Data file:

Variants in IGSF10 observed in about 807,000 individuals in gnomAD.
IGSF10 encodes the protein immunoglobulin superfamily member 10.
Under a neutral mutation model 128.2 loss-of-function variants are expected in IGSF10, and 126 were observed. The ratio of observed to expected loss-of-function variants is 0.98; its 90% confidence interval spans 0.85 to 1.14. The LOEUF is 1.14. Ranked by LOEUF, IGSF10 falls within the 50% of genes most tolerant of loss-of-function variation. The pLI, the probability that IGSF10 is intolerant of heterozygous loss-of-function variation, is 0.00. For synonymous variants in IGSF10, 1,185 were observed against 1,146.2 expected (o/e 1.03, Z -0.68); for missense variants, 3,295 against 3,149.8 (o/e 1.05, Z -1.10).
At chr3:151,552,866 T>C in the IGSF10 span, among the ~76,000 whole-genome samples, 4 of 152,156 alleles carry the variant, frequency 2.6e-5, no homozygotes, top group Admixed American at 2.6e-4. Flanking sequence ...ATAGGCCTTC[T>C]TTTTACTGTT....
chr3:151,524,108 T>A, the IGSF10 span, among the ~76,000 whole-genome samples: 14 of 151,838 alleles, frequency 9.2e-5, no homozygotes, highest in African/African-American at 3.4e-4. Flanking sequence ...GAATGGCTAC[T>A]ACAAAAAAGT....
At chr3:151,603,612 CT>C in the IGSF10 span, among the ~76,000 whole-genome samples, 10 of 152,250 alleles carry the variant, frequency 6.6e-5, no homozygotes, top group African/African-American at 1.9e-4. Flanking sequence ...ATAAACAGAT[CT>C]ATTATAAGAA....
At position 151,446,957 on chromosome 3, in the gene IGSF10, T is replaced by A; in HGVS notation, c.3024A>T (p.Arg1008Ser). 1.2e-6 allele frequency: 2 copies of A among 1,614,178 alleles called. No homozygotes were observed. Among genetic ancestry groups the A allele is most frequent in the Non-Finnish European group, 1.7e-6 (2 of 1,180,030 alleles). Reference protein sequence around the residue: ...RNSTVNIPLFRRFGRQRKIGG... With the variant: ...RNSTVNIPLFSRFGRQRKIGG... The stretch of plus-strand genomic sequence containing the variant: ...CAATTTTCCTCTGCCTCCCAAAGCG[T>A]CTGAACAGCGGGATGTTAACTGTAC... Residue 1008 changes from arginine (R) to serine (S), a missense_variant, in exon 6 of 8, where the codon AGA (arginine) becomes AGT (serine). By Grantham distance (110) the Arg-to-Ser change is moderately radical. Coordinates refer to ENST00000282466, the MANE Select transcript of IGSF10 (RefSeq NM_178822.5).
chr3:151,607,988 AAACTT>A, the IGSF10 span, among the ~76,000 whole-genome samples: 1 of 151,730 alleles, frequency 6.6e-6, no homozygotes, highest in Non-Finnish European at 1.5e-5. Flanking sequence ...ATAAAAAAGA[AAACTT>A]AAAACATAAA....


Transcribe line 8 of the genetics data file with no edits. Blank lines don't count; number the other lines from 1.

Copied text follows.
chr3:151,607,988 AAACTT>A, the IGSF10 span, among the ~76,000 whole-genome samples: 1 of 151,730 alleles, frequency 6.6e-6, no homozygotes, highest in Non-Finnish European at 1.5e-5. Flanking sequence ...ATAAAAAAGA[AAACTT>A]AAAACATAAA....